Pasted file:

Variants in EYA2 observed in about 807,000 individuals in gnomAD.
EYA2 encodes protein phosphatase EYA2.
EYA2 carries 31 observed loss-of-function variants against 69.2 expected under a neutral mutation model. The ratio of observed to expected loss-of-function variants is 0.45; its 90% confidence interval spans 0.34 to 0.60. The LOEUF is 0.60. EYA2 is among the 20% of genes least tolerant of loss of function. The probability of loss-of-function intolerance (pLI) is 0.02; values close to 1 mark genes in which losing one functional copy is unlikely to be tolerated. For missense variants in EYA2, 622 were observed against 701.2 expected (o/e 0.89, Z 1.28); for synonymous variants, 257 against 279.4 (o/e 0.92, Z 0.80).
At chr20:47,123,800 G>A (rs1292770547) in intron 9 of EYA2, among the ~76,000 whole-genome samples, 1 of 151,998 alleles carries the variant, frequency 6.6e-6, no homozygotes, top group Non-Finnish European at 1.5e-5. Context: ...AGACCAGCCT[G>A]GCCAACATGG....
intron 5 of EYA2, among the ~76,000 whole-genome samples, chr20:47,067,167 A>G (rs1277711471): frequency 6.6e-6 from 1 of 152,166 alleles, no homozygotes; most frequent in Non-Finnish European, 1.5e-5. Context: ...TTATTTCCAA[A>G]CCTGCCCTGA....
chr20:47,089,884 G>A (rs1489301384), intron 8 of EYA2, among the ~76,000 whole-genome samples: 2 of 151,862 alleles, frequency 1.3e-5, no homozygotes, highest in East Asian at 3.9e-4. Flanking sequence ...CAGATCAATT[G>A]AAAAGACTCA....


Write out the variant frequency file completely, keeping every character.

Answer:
Variants in EYA2 observed in about 807,000 individuals in gnomAD.
EYA2 encodes protein phosphatase EYA2.
EYA2 carries 31 observed loss-of-function variants against 69.2 expected under a neutral mutation model. The ratio of observed to expected loss-of-function variants is 0.45; its 90% confidence interval spans 0.34 to 0.60. The LOEUF is 0.60. EYA2 is among the 20% of genes least tolerant of loss of function. The probability of loss-of-function intolerance (pLI) is 0.02; values close to 1 mark genes in which losing one functional copy is unlikely to be tolerated. For missense variants in EYA2, 622 were observed against 701.2 expected (o/e 0.89, Z 1.28); for synonymous variants, 257 against 279.4 (o/e 0.92, Z 0.80).
At chr20:47,123,800 G>A (rs1292770547) in intron 9 of EYA2, among the ~76,000 whole-genome samples, 1 of 151,998 alleles carries the variant, frequency 6.6e-6, no homozygotes, top group Non-Finnish European at 1.5e-5. Context: ...AGACCAGCCT[G>A]GCCAACATGG....
intron 5 of EYA2, among the ~76,000 whole-genome samples, chr20:47,067,167 A>G (rs1277711471): frequency 6.6e-6 from 1 of 152,166 alleles, no homozygotes; most frequent in Non-Finnish European, 1.5e-5. Context: ...TTATTTCCAA[A>G]CCTGCCCTGA....
chr20:47,089,884 G>A (rs1489301384), intron 8 of EYA2, among the ~76,000 whole-genome samples: 2 of 151,862 alleles, frequency 1.3e-5, no homozygotes, highest in East Asian at 3.9e-4. Flanking sequence ...CAGATCAATT[G>A]AAAAGACTCA....